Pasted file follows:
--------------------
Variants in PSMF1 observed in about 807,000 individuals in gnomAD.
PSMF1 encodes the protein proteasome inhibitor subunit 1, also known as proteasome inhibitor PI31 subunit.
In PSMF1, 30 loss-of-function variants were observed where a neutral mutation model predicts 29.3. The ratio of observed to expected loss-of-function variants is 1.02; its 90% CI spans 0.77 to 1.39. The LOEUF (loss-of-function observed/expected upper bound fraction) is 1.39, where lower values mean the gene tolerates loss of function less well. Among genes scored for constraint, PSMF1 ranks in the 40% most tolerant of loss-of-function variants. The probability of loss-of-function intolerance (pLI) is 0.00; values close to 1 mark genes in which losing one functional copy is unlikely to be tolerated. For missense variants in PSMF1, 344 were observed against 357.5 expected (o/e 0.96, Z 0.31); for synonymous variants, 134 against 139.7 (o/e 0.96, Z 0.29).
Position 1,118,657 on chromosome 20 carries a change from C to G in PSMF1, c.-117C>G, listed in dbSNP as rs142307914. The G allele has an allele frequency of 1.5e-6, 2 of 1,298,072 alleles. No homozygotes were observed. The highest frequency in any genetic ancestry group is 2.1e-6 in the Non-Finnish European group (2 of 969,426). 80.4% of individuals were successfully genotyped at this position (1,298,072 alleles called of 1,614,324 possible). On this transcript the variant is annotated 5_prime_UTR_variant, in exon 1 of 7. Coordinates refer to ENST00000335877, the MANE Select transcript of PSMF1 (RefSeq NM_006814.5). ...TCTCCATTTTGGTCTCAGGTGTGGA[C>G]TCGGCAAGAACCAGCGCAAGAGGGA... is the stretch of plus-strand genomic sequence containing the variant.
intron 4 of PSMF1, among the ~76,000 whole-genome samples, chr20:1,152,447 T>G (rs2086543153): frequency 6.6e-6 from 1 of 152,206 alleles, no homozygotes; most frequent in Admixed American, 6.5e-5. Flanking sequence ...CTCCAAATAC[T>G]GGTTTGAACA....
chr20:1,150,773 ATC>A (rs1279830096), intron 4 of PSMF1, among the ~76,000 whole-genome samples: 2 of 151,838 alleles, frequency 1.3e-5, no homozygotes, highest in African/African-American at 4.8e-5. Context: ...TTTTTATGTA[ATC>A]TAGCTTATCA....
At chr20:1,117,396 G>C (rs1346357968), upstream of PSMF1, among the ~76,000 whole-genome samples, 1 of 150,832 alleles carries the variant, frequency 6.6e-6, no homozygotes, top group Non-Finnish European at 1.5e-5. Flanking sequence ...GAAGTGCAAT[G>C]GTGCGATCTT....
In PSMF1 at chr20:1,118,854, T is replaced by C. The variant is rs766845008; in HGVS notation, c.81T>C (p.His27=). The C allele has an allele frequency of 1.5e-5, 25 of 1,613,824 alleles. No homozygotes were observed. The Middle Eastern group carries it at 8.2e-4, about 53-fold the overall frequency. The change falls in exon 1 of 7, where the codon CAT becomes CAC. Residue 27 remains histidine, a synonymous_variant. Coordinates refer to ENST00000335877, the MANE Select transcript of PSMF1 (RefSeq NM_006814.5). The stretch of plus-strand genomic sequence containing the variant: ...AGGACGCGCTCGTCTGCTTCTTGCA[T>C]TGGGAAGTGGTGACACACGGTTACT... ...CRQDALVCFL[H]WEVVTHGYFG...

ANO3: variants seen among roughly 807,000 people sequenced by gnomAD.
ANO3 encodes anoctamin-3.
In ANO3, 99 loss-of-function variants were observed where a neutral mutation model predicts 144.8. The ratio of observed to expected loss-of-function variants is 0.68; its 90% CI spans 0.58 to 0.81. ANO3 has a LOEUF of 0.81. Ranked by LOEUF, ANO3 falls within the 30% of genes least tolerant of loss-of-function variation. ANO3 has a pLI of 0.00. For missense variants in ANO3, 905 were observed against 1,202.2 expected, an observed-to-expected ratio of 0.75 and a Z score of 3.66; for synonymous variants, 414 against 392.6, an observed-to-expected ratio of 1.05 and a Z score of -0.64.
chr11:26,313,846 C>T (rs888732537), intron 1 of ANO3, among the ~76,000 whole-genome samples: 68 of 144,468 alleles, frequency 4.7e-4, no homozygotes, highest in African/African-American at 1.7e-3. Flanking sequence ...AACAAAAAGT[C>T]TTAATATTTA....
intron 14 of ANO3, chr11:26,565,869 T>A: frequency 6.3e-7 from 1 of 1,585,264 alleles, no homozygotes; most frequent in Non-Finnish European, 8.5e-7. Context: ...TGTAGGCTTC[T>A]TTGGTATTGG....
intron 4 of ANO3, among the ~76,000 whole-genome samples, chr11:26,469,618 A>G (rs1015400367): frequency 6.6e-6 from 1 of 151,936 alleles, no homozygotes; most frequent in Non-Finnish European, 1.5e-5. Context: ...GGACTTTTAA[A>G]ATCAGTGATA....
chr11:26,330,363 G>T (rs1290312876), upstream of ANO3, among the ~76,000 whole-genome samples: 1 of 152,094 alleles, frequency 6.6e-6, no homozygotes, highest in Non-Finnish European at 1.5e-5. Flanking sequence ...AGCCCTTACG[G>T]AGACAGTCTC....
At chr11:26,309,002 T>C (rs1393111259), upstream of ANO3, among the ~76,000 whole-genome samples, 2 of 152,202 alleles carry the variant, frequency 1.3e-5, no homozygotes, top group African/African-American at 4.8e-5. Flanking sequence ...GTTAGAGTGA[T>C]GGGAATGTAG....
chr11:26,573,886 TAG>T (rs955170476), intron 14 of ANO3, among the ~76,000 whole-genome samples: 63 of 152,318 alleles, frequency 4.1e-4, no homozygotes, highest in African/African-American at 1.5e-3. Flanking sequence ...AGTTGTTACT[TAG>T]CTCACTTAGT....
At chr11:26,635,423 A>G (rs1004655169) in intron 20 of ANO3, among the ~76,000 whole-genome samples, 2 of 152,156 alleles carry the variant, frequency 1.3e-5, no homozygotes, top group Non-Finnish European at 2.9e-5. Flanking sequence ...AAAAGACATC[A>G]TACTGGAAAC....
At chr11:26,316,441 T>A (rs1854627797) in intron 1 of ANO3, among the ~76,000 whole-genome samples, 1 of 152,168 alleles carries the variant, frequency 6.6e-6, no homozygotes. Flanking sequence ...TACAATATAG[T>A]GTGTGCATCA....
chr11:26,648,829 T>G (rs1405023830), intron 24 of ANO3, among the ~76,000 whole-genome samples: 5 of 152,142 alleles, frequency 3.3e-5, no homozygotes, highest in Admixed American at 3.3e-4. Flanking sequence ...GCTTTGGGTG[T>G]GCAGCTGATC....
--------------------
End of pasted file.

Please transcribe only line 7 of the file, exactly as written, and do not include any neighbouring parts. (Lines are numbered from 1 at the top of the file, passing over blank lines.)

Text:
At chr20:1,117,396 G>C (rs1346357968), upstream of PSMF1, among the ~76,000 whole-genome samples, 1 of 150,832 alleles carries the variant, frequency 6.6e-6, no homozygotes, top group Non-Finnish European at 1.5e-5. Flanking sequence ...GAAGTGCAAT[G>C]GTGCGATCTT....